Captain Jack Sparrow and crew return for the fifth, and possibly last, film in the popular Pirates movie franchise, Pirates of the Caribbean: Dead Men Tell No Tales.
It has been six years since we sailed with “the wildest crew ever to sack the Spanish main” and this film marks a return to the POTC basics: well-formed characters, enormous sets, clearcut goals and legendary tales.
Like many of you, I am a huge fan of the original Pirates of the Caribbean film (as well as the Disney attraction it is based on – which just celebrated its 50th anniversary). To that extent, I had high expectations for this one. While it didn’t meet every expectation, this film certainly satisfied most of them and unexpectedly exceeded others that I didn’t know I had.
Setting Sail With Pirates
Johnny Depp suits up once more as the bumbling Captain Jack Sparrow. He is joined by returning cast mates Geoferry Rush, as self-serving Captain Hector Barbossa and Kevin McNally, as the faithful Joshamee Gibbs. (A little trivia for you: These are the only actors that have appeared in all five films.) They’re joined by a younger generation of talent in the form of Brenton Thwaites (Maleficent) and Kaya Scodelario (The Maze Runner), who bring new life to the franchise.
The same could be said about the co-directors, Joachim Rønning and Espen Sandberg (Kon Tiki). They may be covering the same ground as previous directors – ship battles, ghosts and sea myths – but they definitely know how to make the material shine.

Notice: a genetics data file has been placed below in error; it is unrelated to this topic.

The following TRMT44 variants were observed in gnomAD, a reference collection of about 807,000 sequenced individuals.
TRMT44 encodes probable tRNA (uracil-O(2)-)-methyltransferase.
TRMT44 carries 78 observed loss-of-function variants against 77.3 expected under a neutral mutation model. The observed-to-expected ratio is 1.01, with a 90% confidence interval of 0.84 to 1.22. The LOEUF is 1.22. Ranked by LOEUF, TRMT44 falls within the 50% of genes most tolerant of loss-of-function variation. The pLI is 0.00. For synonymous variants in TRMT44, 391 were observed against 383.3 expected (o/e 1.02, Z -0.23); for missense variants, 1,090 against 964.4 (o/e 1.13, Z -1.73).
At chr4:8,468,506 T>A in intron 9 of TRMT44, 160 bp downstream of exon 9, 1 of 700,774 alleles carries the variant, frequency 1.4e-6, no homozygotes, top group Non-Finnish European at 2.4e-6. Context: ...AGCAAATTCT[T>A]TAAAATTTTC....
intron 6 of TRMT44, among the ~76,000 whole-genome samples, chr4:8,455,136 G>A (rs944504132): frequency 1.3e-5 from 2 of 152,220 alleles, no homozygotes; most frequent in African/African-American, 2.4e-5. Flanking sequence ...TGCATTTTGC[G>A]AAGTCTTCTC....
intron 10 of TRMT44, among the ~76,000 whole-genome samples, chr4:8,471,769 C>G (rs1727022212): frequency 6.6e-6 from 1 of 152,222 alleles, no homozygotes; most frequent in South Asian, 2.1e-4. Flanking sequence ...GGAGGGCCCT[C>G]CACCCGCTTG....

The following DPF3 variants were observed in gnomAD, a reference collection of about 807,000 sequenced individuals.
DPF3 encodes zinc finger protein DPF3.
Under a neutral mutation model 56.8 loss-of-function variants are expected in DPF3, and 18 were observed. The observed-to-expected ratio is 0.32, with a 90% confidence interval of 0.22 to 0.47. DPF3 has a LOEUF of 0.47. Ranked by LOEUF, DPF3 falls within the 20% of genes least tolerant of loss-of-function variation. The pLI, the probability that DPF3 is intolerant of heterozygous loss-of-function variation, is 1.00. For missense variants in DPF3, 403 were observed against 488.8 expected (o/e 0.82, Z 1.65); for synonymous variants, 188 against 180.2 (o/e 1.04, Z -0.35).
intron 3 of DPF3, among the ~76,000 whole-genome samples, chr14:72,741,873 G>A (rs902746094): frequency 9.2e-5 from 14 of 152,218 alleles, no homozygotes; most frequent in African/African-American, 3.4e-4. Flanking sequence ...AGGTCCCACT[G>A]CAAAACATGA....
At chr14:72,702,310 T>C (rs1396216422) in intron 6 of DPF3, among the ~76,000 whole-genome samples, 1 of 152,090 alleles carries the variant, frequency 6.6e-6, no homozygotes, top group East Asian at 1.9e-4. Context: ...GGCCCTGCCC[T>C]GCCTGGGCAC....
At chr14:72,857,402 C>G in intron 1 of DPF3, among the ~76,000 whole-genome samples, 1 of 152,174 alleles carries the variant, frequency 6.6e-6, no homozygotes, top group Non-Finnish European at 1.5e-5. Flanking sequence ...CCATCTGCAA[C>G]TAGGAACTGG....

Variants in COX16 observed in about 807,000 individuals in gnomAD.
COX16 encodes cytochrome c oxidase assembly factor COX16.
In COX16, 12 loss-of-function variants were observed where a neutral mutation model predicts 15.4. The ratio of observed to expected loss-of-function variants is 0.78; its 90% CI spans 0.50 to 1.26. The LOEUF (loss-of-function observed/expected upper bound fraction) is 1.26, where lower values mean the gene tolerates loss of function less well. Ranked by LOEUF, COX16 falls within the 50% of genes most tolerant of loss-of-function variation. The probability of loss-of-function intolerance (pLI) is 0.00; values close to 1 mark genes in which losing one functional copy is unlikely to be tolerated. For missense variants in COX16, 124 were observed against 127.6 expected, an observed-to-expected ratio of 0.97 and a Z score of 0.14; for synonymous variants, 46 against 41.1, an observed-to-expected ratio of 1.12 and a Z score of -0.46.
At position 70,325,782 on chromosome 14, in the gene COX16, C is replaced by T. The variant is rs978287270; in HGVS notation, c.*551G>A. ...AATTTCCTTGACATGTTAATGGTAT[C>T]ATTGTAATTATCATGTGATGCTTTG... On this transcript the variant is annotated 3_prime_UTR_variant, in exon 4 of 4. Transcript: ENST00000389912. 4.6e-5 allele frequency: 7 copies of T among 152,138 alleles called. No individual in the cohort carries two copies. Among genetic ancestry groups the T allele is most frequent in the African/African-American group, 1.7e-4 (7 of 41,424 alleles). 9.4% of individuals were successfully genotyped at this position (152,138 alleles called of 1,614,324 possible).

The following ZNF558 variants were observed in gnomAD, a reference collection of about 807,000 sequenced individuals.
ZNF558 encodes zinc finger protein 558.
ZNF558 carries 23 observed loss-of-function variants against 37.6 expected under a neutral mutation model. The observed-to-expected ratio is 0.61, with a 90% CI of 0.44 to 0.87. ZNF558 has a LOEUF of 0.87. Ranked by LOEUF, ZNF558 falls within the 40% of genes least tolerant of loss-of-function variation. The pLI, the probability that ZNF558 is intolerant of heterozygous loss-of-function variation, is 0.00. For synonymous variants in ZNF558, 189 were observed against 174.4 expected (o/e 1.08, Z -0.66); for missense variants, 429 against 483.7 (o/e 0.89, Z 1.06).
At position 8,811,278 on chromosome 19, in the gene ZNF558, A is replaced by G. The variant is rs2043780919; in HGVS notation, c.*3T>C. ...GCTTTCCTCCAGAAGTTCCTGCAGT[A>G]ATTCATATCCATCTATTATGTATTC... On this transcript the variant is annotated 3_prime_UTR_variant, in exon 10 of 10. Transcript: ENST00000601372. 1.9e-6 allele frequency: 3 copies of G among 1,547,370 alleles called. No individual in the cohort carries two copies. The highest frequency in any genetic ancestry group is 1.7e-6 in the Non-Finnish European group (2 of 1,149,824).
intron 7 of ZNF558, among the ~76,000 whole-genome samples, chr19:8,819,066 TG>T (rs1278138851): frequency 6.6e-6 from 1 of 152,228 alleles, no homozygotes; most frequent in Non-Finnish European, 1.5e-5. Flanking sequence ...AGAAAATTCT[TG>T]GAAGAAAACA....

Other returning cast members – like Orlando Bloom and Martin Klebba – are also a pleasant surprise. But it’s Paul McCartney’s almost completely ad-libbed appearance that steals the show. Well, his and one other (don’t worry, this review is spoiler-free).
Pirates of the Caribbean: Dead Men Tell No Tales also features nods to the original Disney attraction at Disneyland as well as tiebacks to past films that fans will go crazy for. And it feels like a theme park ride.
The movie starts out with a massive sequence that required the production team build an entire town. There’s also the guillotine scene (on this same set), that is arguably one of the best edge-of-your-seat action sequences in the entire series.
The POTC film franchise is known for grand set pieces. They’re the backdrop that Johnny Depp’s Captain Jack stumbles, falls, jumps and tumbles in and out of – and you are there too – hopping rooftop to rooftop, sailing from one location to another as we follow Jack on his quest. If this film does one thing right, it’s in how it re-immerses moviegoer’s in the Pirates universe.
Pirates and Villains
This time, Jack’s in search of the Trident of Poseidon and to find it he’s going to need help. That help comes in the form of Will Turner’s son (Brenton Thwaites). He wants to free his father from the curse placed on him in Pirates of the Caribbean: At World’s End (2007).
Fans will note, Will can only walk on land every 10 years – and it’s been exactly ten years since Turner was cursed to helm the Flying Dutchman. Jack is also joined by Carina Smyth (Kaya Scodelario), a young lass whose own agenda will play a significant role in the adventure.